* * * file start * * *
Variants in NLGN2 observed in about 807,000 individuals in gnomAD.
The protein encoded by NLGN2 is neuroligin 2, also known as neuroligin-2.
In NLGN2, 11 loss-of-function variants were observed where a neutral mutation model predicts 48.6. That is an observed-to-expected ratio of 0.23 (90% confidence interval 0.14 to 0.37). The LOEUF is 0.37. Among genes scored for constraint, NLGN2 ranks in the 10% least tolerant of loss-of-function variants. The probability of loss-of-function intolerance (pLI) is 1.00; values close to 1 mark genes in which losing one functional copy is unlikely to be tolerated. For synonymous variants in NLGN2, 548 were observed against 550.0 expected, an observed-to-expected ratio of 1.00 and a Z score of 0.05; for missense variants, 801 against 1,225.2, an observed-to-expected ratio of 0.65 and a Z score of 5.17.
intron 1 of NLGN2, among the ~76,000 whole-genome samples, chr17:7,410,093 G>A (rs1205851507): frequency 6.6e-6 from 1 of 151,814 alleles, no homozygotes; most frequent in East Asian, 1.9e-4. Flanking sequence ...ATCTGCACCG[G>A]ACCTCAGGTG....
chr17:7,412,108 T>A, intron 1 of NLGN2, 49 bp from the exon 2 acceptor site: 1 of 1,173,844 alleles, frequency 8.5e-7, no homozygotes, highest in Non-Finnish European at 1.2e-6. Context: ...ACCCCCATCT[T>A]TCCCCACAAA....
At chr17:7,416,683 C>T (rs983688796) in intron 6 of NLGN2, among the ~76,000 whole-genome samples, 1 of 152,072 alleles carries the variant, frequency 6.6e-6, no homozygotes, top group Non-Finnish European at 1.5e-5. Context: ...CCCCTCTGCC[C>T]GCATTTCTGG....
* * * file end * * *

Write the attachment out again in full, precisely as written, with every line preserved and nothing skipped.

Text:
Variants in NLGN2 observed in about 807,000 individuals in gnomAD.
The protein encoded by NLGN2 is neuroligin 2, also known as neuroligin-2.
In NLGN2, 11 loss-of-function variants were observed where a neutral mutation model predicts 48.6. That is an observed-to-expected ratio of 0.23 (90% confidence interval 0.14 to 0.37). The LOEUF is 0.37. Among genes scored for constraint, NLGN2 ranks in the 10% least tolerant of loss-of-function variants. The probability of loss-of-function intolerance (pLI) is 1.00; values close to 1 mark genes in which losing one functional copy is unlikely to be tolerated. For synonymous variants in NLGN2, 548 were observed against 550.0 expected, an observed-to-expected ratio of 1.00 and a Z score of 0.05; for missense variants, 801 against 1,225.2, an observed-to-expected ratio of 0.65 and a Z score of 5.17.
intron 1 of NLGN2, among the ~76,000 whole-genome samples, chr17:7,410,093 G>A (rs1205851507): frequency 6.6e-6 from 1 of 151,814 alleles, no homozygotes; most frequent in East Asian, 1.9e-4. Flanking sequence ...ATCTGCACCG[G>A]ACCTCAGGTG....
chr17:7,412,108 T>A, intron 1 of NLGN2, 49 bp from the exon 2 acceptor site: 1 of 1,173,844 alleles, frequency 8.5e-7, no homozygotes, highest in Non-Finnish European at 1.2e-6. Context: ...ACCCCCATCT[T>A]TCCCCACAAA....
At chr17:7,416,683 C>T (rs983688796) in intron 6 of NLGN2, among the ~76,000 whole-genome samples, 1 of 152,072 alleles carries the variant, frequency 6.6e-6, no homozygotes, top group Non-Finnish European at 1.5e-5. Context: ...CCCCTCTGCC[C>T]GCATTTCTGG....